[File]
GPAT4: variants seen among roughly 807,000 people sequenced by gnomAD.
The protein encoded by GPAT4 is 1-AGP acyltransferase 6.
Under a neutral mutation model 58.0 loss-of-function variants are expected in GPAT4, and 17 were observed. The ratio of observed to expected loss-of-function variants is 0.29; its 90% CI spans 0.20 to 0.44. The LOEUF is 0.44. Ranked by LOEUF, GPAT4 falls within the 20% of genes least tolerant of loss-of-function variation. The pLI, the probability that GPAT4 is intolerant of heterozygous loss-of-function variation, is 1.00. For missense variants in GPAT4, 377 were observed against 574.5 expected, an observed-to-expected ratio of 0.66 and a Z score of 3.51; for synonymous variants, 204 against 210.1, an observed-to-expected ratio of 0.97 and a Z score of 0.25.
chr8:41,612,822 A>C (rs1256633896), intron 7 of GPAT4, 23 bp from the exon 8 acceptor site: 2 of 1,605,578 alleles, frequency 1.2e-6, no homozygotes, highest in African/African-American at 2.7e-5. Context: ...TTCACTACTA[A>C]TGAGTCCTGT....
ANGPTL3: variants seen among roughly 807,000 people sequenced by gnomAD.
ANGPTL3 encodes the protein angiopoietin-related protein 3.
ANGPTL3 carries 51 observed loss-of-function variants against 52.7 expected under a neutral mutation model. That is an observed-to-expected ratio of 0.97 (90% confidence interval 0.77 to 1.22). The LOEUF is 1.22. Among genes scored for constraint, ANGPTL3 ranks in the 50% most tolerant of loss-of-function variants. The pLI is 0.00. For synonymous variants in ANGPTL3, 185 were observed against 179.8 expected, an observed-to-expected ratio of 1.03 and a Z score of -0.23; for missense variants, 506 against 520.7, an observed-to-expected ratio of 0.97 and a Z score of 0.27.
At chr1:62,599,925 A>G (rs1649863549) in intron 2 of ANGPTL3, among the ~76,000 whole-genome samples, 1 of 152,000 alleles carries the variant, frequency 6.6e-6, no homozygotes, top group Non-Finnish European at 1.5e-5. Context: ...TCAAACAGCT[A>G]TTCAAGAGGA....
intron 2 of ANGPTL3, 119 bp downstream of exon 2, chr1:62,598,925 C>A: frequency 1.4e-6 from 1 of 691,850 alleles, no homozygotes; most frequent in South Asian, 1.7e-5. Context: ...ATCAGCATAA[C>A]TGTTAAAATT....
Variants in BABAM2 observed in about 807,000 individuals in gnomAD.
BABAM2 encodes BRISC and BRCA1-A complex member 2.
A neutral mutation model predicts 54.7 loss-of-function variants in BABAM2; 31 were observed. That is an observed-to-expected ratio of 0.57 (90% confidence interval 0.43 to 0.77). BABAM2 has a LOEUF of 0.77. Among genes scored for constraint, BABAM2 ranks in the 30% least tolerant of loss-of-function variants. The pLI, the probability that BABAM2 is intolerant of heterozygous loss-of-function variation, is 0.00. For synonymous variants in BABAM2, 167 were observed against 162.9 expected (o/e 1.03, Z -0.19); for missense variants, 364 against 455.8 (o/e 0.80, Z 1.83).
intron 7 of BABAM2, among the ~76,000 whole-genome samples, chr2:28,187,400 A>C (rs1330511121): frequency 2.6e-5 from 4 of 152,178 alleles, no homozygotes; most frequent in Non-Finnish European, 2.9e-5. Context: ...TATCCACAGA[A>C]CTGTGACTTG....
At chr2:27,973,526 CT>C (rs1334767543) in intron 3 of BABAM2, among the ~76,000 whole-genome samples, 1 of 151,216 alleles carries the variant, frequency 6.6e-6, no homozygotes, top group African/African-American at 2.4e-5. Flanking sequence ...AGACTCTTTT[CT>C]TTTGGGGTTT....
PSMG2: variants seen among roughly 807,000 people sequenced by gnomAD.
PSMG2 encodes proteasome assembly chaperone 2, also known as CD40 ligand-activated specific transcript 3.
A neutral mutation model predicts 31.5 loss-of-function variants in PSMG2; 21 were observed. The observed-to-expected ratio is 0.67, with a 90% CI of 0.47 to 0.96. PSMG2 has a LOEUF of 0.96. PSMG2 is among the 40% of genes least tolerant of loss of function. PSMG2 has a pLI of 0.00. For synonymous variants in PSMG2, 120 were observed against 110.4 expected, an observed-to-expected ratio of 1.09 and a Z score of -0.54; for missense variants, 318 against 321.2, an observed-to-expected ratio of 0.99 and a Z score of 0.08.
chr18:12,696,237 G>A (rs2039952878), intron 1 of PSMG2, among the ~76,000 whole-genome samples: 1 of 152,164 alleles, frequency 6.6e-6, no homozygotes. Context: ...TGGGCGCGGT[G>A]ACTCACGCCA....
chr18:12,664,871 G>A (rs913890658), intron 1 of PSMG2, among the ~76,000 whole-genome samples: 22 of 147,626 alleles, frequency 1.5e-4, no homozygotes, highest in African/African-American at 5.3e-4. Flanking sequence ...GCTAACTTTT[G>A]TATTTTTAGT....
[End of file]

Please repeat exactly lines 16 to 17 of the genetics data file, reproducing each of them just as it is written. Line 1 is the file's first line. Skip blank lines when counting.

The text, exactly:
PSMG2 encodes proteasome assembly chaperone 2, also known as CD40 ligand-activated specific transcript 3.
A neutral mutation model predicts 31.5 loss-of-function variants in PSMG2; 21 were observed. The observed-to-expected ratio is 0.67, with a 90% CI of 0.47 to 0.96. PSMG2 has a LOEUF of 0.96. PSMG2 is among the 40% of genes least tolerant of loss of function. PSMG2 has a pLI of 0.00. For synonymous variants in PSMG2, 120 were observed against 110.4 expected, an observed-to-expected ratio of 1.09 and a Z score of -0.54; for missense variants, 318 against 321.2, an observed-to-expected ratio of 0.99 and a Z score of 0.08.